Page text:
Perlstein can’t control his contempt for Nixon’s middle-class constituency: The Republican functionaries in Nixon’s congressional district are “penny-ante plutocrats,” his 1950 senatorial campaign was waged in “every god-forsaken little berg in that state with so many scores of god-forsaken little bergs,” and his personal vehicle—an Oldsmobile—to which he referred in his Checkers speech was “not a stylish car. Kind of tacky even if was expensive—maybe even tackier because it was expensive. Kind of common. Though not in an Aaron Copland, ‘Fanfare of the Common Man,’ sort of way. A Richard Nixon kind of car.” Nor can Perlstein muster even the semblance of even-handedness in his description of the players in his drama: Sam Ervin, Nixon’s nemesis, is described by Perlstein as “a segregationist of the old school,” while Strom Thurmond, Nixon’s supporter, is described as a “thorough going racist gargoyle.”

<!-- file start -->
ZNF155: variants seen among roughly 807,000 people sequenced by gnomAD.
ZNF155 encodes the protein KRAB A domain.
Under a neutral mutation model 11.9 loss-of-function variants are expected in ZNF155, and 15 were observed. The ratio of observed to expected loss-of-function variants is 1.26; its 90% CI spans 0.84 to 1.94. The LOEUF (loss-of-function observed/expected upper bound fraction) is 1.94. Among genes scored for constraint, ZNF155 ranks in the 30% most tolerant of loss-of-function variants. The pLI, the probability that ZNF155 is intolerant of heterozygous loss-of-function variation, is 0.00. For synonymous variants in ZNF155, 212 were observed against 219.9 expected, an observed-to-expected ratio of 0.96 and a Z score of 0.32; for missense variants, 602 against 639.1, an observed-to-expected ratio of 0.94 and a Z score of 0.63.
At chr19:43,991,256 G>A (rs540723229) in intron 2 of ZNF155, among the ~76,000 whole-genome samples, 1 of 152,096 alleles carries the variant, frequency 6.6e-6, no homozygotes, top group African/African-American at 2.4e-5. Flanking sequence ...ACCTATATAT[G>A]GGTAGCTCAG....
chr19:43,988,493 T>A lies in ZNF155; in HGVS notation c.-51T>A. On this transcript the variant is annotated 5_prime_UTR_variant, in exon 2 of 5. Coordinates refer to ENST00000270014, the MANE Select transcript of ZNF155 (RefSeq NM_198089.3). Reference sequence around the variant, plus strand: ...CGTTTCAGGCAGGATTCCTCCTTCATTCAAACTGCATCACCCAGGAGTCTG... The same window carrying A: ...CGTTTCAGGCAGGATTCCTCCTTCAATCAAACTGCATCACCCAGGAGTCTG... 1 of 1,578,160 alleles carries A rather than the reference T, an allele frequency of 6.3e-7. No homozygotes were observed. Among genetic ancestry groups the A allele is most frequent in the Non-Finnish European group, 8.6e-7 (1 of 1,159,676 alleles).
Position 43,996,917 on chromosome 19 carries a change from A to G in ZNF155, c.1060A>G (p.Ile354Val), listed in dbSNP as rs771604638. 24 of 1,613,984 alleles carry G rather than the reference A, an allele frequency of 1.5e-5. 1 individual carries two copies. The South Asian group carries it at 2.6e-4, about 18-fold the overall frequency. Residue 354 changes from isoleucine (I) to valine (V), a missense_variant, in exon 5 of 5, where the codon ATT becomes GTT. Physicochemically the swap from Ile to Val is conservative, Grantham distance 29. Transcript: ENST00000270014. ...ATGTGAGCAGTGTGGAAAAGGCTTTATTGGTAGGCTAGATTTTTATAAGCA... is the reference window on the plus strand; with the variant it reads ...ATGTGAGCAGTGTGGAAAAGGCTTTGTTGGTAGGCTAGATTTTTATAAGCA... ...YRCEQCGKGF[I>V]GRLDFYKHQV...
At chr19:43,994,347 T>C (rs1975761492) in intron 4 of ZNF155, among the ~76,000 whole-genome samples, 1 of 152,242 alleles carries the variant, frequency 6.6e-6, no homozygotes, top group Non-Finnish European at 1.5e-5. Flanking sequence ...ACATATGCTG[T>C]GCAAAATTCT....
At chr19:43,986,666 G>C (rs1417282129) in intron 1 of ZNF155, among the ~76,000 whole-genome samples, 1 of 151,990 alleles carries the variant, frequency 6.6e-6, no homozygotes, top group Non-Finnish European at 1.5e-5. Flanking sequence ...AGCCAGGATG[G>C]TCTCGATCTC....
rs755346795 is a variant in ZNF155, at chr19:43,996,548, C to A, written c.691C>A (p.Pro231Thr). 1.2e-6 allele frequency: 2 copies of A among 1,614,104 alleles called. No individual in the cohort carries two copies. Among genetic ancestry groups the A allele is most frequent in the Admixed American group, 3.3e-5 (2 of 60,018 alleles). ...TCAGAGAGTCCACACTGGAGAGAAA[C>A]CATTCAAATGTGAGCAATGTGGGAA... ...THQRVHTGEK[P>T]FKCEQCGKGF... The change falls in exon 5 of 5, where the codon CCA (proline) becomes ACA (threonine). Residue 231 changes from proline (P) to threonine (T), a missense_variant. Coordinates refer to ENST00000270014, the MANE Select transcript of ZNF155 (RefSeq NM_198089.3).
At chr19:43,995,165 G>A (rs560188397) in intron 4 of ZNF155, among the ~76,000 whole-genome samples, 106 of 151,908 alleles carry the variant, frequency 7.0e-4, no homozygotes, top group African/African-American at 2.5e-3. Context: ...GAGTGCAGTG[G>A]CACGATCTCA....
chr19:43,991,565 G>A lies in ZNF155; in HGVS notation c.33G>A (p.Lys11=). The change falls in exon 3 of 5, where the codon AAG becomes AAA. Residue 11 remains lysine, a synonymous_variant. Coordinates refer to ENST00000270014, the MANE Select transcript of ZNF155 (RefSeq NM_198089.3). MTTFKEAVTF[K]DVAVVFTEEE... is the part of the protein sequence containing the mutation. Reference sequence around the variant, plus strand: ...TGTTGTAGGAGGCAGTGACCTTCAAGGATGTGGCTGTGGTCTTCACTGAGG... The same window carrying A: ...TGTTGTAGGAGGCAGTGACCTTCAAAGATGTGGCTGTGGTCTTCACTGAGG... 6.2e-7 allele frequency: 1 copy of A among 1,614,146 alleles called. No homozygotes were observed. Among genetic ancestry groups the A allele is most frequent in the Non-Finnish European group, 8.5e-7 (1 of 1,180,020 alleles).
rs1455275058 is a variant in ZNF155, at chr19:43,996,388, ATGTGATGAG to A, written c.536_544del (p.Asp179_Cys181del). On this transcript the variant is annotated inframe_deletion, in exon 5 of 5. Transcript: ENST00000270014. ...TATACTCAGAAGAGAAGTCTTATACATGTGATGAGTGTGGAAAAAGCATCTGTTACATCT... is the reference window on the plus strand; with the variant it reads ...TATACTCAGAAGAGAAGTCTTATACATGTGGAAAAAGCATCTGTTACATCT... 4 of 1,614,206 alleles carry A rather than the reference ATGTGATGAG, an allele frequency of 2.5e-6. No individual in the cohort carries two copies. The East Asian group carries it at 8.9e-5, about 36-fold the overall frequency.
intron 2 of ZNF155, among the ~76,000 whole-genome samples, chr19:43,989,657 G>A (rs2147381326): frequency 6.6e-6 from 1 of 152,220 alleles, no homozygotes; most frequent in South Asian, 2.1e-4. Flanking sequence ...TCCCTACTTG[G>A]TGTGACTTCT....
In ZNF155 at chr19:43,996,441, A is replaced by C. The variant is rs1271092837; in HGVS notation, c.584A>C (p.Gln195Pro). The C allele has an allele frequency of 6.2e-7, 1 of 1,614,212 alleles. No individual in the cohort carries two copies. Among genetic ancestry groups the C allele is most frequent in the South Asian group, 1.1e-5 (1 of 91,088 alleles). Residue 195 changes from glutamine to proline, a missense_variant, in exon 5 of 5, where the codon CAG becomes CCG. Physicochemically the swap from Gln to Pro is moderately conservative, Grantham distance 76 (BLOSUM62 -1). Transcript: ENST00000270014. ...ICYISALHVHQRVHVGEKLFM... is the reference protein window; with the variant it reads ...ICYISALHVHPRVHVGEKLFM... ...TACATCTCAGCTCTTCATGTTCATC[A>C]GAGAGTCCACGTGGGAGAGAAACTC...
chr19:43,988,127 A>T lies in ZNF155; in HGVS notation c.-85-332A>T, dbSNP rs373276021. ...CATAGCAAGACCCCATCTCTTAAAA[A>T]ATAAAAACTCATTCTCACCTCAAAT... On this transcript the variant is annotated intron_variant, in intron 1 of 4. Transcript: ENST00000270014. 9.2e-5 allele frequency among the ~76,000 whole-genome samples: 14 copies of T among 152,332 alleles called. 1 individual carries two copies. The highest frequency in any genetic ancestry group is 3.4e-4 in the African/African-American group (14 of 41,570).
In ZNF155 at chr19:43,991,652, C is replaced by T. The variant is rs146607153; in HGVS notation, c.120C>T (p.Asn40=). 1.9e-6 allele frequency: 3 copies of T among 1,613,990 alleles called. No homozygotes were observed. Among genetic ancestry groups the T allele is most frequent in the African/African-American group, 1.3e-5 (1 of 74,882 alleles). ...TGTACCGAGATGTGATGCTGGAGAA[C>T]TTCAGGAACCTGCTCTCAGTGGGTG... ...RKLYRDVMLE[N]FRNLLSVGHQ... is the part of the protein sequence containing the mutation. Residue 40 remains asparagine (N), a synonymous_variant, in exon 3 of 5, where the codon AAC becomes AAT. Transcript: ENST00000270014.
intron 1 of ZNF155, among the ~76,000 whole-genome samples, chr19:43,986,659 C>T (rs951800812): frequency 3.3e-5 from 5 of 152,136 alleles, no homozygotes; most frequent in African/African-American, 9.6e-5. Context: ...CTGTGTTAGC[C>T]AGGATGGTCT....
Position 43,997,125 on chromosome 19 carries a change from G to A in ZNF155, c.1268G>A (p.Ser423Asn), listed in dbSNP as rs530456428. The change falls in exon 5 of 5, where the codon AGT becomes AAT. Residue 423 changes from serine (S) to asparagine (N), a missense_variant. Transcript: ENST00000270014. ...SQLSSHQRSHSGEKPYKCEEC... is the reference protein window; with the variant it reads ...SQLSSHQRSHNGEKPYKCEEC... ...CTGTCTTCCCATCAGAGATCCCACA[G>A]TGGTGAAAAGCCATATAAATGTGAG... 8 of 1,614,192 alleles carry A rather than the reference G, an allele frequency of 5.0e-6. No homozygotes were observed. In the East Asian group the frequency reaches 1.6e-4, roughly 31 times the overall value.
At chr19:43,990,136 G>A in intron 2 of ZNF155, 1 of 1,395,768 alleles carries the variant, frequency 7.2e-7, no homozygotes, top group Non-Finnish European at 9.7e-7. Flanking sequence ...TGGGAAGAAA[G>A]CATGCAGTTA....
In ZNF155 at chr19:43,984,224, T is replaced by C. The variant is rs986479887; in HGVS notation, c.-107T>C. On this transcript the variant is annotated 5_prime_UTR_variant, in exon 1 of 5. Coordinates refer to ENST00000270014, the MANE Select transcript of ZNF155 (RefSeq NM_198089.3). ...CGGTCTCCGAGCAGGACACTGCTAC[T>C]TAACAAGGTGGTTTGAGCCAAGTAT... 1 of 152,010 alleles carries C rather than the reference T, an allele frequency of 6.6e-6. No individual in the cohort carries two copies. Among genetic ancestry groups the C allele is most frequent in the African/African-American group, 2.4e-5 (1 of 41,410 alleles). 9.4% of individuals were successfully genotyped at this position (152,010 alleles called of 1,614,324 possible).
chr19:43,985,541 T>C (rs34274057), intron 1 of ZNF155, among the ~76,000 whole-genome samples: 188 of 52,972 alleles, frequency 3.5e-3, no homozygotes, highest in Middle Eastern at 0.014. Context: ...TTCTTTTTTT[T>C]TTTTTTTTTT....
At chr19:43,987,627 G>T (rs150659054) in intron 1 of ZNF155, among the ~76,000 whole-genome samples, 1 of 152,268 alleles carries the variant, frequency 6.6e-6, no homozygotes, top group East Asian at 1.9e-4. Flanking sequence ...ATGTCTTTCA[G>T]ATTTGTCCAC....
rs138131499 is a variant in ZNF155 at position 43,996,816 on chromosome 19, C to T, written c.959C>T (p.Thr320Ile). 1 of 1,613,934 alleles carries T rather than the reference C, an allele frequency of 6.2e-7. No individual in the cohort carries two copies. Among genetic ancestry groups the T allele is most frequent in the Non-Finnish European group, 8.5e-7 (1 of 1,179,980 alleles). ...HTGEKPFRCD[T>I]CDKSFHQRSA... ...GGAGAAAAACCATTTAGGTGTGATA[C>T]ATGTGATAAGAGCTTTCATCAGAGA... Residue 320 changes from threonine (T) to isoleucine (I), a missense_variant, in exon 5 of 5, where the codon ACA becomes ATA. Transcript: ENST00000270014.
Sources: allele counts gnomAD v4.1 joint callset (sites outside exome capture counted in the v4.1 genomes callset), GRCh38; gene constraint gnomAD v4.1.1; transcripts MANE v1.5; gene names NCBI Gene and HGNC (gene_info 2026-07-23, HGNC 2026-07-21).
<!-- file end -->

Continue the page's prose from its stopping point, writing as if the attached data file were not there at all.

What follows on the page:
Then there is the matter of facts. Occasional errors are inevitable in a work of history, often the result of haste or poor editing. Playing “gotcha” over a few insignificant mistakes is hardly fair play; but there is a point at which the frequency of factual errors raises the legitimate question of whether the author is a scholar or a transcriber. It may not be important that when Paul Douglas received the racially insensitive letters that Perlstein uses to such dramatic effect he was the senior senator from Illinois, not, as Perlstein twice insists, the junior senator; or that Sam Ervin was not, as the author claims, chairman of the Senate Judiciary Committee; or that the Texan Ralph Yarborough was not a congressman, as he states on one page, but a senator, as he correctly notes on a much later page; or that Senator Kuchel had only 15 (not 18) years of seniority when he was defeated for re-nomination (he was appointed by Earl Warren in 1953 to fill Nixon’s unexpired term); or that the GOP picked up four, not two, Senate seats in the 1970 midterm elections, but such errors do suggest a lack of grounding in the politics of the Nixon era. Indeed, his understanding of American politics since World War II is suspect when he describes eastern Tennessee, Republican since the Civil War, as “heavily Dixified,” or Indiana in 1968 as a “toss-up state.”